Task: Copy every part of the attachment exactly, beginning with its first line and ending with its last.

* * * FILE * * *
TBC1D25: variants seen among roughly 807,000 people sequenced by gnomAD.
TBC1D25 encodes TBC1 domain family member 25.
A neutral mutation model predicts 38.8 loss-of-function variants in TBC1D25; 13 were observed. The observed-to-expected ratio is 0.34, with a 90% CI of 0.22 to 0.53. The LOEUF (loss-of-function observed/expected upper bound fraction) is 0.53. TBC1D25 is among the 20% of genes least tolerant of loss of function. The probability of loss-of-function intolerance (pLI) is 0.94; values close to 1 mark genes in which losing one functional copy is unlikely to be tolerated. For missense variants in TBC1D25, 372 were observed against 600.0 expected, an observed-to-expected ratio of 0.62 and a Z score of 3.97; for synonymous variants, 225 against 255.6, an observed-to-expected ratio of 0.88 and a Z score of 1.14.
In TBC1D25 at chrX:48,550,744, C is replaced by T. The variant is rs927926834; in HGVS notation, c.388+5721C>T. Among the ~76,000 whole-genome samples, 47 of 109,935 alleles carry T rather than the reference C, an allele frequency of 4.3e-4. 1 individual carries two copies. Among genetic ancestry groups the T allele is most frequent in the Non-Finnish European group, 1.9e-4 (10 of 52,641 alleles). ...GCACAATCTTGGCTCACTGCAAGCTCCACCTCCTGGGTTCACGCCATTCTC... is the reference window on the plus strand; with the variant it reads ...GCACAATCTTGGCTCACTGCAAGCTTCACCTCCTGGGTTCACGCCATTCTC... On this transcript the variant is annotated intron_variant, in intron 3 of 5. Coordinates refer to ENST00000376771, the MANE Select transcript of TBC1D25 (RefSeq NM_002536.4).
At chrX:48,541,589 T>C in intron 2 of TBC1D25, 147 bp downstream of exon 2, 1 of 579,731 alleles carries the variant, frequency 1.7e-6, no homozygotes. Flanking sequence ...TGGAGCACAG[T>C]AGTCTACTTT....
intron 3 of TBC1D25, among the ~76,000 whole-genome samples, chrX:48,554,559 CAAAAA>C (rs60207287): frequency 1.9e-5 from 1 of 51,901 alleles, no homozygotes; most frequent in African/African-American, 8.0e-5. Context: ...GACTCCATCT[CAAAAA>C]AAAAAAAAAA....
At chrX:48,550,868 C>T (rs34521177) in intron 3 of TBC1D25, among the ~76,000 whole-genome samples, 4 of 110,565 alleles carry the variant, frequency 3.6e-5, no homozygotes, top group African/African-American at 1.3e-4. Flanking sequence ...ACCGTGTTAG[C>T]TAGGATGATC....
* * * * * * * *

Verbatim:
TBC1D25: variants seen among roughly 807,000 people sequenced by gnomAD.
TBC1D25 encodes TBC1 domain family member 25.
A neutral mutation model predicts 38.8 loss-of-function variants in TBC1D25; 13 were observed. The observed-to-expected ratio is 0.34, with a 90% CI of 0.22 to 0.53. The LOEUF (loss-of-function observed/expected upper bound fraction) is 0.53. TBC1D25 is among the 20% of genes least tolerant of loss of function. The probability of loss-of-function intolerance (pLI) is 0.94; values close to 1 mark genes in which losing one functional copy is unlikely to be tolerated. For missense variants in TBC1D25, 372 were observed against 600.0 expected, an observed-to-expected ratio of 0.62 and a Z score of 3.97; for synonymous variants, 225 against 255.6, an observed-to-expected ratio of 0.88 and a Z score of 1.14.
In TBC1D25 at chrX:48,550,744, C is replaced by T. The variant is rs927926834; in HGVS notation, c.388+5721C>T. Among the ~76,000 whole-genome samples, 47 of 109,935 alleles carry T rather than the reference C, an allele frequency of 4.3e-4. 1 individual carries two copies. Among genetic ancestry groups the T allele is most frequent in the Non-Finnish European group, 1.9e-4 (10 of 52,641 alleles). ...GCACAATCTTGGCTCACTGCAAGCTCCACCTCCTGGGTTCACGCCATTCTC... is the reference window on the plus strand; with the variant it reads ...GCACAATCTTGGCTCACTGCAAGCTTCACCTCCTGGGTTCACGCCATTCTC... On this transcript the variant is annotated intron_variant, in intron 3 of 5. Coordinates refer to ENST00000376771, the MANE Select transcript of TBC1D25 (RefSeq NM_002536.4).
At chrX:48,541,589 T>C in intron 2 of TBC1D25, 147 bp downstream of exon 2, 1 of 579,731 alleles carries the variant, frequency 1.7e-6, no homozygotes. Flanking sequence ...TGGAGCACAG[T>C]AGTCTACTTT....
intron 3 of TBC1D25, among the ~76,000 whole-genome samples, chrX:48,554,559 CAAAAA>C (rs60207287): frequency 1.9e-5 from 1 of 51,901 alleles, no homozygotes; most frequent in African/African-American, 8.0e-5. Context: ...GACTCCATCT[CAAAAA>C]AAAAAAAAAA....
At chrX:48,550,868 C>T (rs34521177) in intron 3 of TBC1D25, among the ~76,000 whole-genome samples, 4 of 110,565 alleles carry the variant, frequency 3.6e-5, no homozygotes, top group African/African-American at 1.3e-4. Flanking sequence ...ACCGTGTTAG[C>T]TAGGATGATC....